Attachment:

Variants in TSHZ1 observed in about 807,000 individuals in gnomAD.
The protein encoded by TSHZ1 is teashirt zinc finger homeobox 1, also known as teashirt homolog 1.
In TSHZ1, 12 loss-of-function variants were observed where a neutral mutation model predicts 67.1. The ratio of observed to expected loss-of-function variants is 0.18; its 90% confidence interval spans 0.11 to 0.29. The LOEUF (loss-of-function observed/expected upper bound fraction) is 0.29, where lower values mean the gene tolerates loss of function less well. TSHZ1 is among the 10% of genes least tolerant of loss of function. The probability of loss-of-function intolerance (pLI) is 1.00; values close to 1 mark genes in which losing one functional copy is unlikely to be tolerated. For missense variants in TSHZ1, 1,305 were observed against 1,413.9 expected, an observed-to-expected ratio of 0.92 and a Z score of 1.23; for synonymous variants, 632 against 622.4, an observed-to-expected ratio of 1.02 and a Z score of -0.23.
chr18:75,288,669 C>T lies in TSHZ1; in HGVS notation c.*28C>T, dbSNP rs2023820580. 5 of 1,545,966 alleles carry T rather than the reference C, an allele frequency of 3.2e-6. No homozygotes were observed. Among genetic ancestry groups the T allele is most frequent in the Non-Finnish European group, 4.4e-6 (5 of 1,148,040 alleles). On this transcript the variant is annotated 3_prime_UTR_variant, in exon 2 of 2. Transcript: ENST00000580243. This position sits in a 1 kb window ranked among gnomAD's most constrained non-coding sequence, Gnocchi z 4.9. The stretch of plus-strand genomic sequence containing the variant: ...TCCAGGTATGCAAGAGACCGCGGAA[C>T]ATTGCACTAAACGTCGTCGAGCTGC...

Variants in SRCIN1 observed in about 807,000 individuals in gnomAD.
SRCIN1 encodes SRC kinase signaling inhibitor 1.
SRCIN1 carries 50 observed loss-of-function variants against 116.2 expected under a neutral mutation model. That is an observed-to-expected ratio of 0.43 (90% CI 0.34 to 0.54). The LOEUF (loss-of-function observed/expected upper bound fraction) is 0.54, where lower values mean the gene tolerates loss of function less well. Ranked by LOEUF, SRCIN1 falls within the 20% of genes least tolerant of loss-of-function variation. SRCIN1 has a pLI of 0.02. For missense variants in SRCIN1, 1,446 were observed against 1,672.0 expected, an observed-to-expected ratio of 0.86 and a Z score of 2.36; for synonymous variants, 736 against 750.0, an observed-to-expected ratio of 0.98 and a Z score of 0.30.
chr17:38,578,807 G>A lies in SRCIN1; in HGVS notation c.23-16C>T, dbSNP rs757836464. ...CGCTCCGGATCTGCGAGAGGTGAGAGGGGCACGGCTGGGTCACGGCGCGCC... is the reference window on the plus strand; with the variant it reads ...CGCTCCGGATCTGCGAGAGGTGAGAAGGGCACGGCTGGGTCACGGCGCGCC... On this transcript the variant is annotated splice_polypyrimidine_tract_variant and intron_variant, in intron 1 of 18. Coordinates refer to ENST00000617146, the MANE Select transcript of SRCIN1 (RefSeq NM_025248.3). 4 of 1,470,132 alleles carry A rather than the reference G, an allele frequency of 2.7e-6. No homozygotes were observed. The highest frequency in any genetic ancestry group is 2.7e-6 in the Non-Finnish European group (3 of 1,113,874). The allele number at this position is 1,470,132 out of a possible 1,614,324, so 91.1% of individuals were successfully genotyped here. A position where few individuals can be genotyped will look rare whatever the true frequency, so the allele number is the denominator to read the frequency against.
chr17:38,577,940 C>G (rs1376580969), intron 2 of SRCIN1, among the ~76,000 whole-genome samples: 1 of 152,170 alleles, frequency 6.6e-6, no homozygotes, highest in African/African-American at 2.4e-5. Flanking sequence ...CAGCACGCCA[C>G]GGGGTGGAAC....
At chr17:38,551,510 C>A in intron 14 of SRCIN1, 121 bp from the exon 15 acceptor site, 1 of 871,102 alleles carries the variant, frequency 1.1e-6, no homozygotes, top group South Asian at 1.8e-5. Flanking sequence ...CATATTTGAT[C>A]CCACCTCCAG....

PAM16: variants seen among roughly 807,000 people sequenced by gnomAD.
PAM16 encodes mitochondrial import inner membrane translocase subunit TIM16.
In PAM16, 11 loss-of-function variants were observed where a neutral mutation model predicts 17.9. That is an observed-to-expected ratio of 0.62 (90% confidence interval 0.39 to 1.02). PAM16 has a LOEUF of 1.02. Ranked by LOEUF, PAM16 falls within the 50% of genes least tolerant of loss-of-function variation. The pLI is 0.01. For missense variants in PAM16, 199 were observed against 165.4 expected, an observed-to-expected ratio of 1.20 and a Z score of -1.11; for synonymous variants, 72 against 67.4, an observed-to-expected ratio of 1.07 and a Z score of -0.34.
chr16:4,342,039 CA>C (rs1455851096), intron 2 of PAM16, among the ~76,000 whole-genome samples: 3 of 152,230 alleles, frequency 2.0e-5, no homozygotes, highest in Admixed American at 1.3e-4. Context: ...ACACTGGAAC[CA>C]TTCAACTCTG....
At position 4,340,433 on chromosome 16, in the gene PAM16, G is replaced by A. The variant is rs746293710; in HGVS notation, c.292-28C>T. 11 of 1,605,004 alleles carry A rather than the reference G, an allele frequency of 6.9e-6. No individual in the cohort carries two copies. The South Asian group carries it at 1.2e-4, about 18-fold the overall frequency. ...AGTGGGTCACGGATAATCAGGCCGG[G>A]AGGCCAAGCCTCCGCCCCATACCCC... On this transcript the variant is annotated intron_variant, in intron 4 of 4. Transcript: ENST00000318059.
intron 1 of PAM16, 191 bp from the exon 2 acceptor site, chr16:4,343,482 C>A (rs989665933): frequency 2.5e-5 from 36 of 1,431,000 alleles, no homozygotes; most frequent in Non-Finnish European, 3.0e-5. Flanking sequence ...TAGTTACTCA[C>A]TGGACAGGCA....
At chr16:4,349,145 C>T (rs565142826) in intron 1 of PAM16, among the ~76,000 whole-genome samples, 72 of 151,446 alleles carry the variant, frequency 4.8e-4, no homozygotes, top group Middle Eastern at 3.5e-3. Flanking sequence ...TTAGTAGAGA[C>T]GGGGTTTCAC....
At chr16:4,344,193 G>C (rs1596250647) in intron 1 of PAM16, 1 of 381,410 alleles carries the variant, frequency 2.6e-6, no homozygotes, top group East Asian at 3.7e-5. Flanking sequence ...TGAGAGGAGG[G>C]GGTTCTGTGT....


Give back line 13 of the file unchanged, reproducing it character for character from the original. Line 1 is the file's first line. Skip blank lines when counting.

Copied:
In PAM16, 11 loss-of-function variants were observed where a neutral mutation model predicts 17.9. That is an observed-to-expected ratio of 0.62 (90% confidence interval 0.39 to 1.02). PAM16 has a LOEUF of 1.02. Ranked by LOEUF, PAM16 falls within the 50% of genes least tolerant of loss-of-function variation. The pLI is 0.01. For missense variants in PAM16, 199 were observed against 165.4 expected, an observed-to-expected ratio of 1.20 and a Z score of -1.11; for synonymous variants, 72 against 67.4, an observed-to-expected ratio of 1.07 and a Z score of -0.34.